Vietnam vet grapples with flashback trauma

·4-min read

More than three decades after Gary McKay left war in Vietnam behind him, a visit back to the country to help locals find a mass grave triggered a near-debilitating episode of post-traumatic stress.

A miscommunication over paperwork for the 2004 visit meant he was held up at gunpoint by officials and thrown in jail.

"When I came back to Australia, I had 14 days of nightmares," McKay tells AAP.

"My bed would be soaked with sweat, I'd be yelling and carrying on. I'd have the most terrible nightmares - not to do with what happened to me, but I would be killing people with knives. It was just awful."

McKay tried self-medicating "with beer and rum", but when that wasn't working he sought help from the Vietnam Veterans Counselling Service, now known as Open Arms.

"They taught me how to deal with flashbacks. It wasn't easy, but we got there," he says.

Today marks the 60-year anniversary of Australia's involvement in the Vietnam War with the arrival of Colonel F.P. Serong to lead a contingent of advisors.

An Australian battalion joined the war in 1965 and a task force was deployed the following year after the introduction of conscription.

The war would become the century's longest-running conflict in which Australian forces participated.

McKay was a 15-year-old high school student in his native Perth at the time of Serong's deployment with "more important things to worry about, like footy and surfing".

"I didn't even know which side of the equator Vietnam was on," he says.

But a few years later, while working as a trainee computer programmer in Sydney, McKay was conscripted, fast-tracked through officer training and put on a boat to Vietnam to lead a platoon of 35 men. He wasn't even 21.

"It was the first time I had ever been in a Chinook (helicopter). As soon as you got in that chopper and started flying off you realised you were in a war zone, because everything was littered with bomb craters ... everywhere you looked there were people with weapons," he says.

"It was confronting, we were in the deep end."

He would lead daily 10km patrols with each of his men carrying between 25 and 30kg of supplies with one objective, "To find the enemy and kill him."

"Stealth was the operative word - you had to be quiet. We wore facial camouflage, sleeves down, we didn't have camouflage uniforms in those days - they were green, but they'd go dark because of the sweat."

McKay was awarded the Military Cross for his involvement in the Battle of Nui Le, during which he was shot twice, shattering his left shoulder.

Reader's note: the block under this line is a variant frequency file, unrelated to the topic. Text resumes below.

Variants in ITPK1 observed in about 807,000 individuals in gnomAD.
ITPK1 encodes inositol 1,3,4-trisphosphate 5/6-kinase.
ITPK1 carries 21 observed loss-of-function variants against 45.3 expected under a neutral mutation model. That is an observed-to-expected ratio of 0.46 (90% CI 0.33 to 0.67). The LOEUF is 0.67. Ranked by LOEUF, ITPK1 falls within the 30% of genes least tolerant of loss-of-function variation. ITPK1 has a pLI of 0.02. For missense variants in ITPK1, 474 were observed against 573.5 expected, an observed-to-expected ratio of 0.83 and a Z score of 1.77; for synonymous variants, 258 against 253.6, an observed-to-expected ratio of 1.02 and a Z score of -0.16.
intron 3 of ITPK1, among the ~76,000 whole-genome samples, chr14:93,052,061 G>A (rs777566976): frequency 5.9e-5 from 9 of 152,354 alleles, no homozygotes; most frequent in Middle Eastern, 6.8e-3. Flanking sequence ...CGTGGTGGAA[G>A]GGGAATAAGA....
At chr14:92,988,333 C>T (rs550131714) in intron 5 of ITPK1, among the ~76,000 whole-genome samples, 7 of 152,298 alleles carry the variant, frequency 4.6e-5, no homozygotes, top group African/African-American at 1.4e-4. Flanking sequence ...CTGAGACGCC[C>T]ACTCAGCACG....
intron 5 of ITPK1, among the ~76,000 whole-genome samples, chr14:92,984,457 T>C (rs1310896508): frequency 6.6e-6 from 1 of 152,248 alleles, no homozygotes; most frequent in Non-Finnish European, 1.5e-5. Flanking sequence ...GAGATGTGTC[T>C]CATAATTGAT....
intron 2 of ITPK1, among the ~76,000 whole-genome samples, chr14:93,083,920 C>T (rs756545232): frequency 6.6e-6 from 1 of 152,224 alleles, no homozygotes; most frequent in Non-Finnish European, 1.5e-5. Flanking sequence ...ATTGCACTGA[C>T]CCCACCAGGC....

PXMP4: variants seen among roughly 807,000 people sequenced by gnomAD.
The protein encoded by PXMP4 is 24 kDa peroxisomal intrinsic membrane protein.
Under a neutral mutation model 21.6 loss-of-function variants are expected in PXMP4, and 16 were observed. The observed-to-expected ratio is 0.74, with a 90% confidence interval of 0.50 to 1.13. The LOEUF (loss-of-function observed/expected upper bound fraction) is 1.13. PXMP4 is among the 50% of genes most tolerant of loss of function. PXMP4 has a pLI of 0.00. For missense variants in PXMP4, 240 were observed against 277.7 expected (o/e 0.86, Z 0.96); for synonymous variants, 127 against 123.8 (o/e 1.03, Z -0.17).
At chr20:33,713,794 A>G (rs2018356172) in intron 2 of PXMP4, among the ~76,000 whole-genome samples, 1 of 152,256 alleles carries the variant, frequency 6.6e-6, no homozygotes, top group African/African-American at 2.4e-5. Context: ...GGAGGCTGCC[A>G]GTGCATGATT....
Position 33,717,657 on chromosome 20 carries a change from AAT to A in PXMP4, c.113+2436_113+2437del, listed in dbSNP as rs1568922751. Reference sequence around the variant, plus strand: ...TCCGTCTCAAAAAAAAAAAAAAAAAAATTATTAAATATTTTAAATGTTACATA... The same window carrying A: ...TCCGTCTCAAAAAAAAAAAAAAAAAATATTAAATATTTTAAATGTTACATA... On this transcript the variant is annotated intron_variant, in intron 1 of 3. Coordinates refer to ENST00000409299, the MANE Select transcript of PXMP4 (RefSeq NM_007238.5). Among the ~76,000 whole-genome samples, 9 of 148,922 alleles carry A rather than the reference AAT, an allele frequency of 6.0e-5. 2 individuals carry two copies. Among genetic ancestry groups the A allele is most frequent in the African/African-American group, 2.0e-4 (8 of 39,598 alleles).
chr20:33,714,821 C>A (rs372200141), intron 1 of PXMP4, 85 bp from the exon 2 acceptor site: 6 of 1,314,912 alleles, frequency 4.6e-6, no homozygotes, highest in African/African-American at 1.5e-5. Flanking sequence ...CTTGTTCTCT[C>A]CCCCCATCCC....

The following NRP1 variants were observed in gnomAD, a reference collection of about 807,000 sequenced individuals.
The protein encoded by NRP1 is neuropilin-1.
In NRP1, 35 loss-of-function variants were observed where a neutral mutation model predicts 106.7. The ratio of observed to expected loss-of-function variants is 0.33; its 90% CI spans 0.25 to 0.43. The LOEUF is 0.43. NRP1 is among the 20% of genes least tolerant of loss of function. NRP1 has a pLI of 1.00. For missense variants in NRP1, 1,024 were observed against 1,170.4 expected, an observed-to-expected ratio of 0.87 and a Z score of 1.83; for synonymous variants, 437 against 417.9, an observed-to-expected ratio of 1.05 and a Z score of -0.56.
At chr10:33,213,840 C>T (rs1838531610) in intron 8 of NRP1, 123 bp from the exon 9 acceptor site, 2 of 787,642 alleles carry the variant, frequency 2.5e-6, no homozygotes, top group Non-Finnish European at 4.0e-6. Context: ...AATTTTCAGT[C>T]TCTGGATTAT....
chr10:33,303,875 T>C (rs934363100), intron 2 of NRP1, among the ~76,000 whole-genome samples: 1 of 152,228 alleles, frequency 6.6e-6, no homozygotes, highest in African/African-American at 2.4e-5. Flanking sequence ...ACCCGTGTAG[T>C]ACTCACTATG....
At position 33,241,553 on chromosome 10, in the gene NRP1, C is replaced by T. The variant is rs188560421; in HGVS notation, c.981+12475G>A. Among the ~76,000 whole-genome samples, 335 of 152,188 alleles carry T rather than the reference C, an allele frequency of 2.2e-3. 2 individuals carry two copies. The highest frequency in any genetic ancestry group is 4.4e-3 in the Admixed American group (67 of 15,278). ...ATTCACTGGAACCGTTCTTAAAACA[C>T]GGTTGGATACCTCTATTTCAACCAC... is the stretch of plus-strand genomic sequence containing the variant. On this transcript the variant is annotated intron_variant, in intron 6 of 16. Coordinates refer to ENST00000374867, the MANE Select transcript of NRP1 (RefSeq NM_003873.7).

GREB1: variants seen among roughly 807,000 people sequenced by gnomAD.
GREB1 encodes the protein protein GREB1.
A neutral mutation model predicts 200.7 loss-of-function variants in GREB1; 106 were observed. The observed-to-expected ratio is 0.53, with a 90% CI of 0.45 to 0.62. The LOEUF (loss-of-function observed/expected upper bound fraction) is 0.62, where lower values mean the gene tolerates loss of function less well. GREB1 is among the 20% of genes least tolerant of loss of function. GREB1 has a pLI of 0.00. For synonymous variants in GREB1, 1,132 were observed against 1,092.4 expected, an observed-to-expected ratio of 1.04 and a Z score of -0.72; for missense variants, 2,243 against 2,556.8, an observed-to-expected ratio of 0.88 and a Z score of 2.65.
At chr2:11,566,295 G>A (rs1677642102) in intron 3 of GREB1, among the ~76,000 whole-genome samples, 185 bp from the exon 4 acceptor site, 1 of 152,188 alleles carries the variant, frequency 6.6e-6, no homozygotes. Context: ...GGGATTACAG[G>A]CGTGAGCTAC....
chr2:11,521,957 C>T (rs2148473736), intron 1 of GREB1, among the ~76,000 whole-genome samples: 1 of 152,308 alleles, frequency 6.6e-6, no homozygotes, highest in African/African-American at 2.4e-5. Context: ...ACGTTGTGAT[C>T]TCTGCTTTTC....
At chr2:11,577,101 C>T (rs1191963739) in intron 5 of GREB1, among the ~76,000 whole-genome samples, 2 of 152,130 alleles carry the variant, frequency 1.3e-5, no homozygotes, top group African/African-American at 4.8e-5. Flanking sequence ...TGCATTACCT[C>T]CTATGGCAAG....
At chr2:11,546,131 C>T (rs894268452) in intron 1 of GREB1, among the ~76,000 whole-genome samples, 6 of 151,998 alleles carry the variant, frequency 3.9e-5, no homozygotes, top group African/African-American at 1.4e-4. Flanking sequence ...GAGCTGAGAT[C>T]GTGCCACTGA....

"I spent about a year in hospital - which is why I always get pissed off when I watch cops and robbers movies and someone gets a .45 in the shoulder and the next day they just have their arm in a sling," he says with a wry laugh.

From 1962 to 1973, about 60,000 Australians served in defence of South Vietnam. More than 3000 were wounded and 521 killed during the conflict.

It may be nearly 50 years since the war ended, but in some ways the survivors never really left, McKay says.

"We send people into an abnormal environment where they're trying to kill each other, and then when they come back they expect them to just assimilate into society. That just doesn't happen," he says.

"In close-quarter combat you see and hear and smell things you really don't want to, and those images are etched in your brain permanently."

When the soldiers did return, those who had been conscripted were given discharge papers and sent home without so much as a debrief, he says. And their homecoming wasn't always welcome.

The sentiment towards returning servicemen could be "nasty" because of people's opposition to Australia's involvement in the war, he says. Soldiers were easier targets than politicians.

A decade after he returned from Vietnam, McKay and his sergeant met at a funeral and discussed the fact that some of their platoon were not doing so well.

They organised a reunion, which has now been happening regularly for 30 years.

"It has proved worthwhile. We get together, tell lies, drink a reasonable amount of beer," he laughs.

"We have a great time and it allows them to be in contact with each other and help each other. Six of the platoon have died and we go to the funerals and support each other. If someone's having a hard time we reach out."

McKay, who went on to become a colonel and also learned Vietnamese, visits the formerly war-torn country regularly.

He leads tour groups with Mat McLachlan Battlefield Tours and has written books about his life as a soldier and beyond.

He's even become friends with some of his former enemies. They play tennis together, have a few beers and celebrate the fact they're still alive.

"There's no anger. We were just blokes doing their job. The shame of it was, we shouldn't have been there," says McKay.

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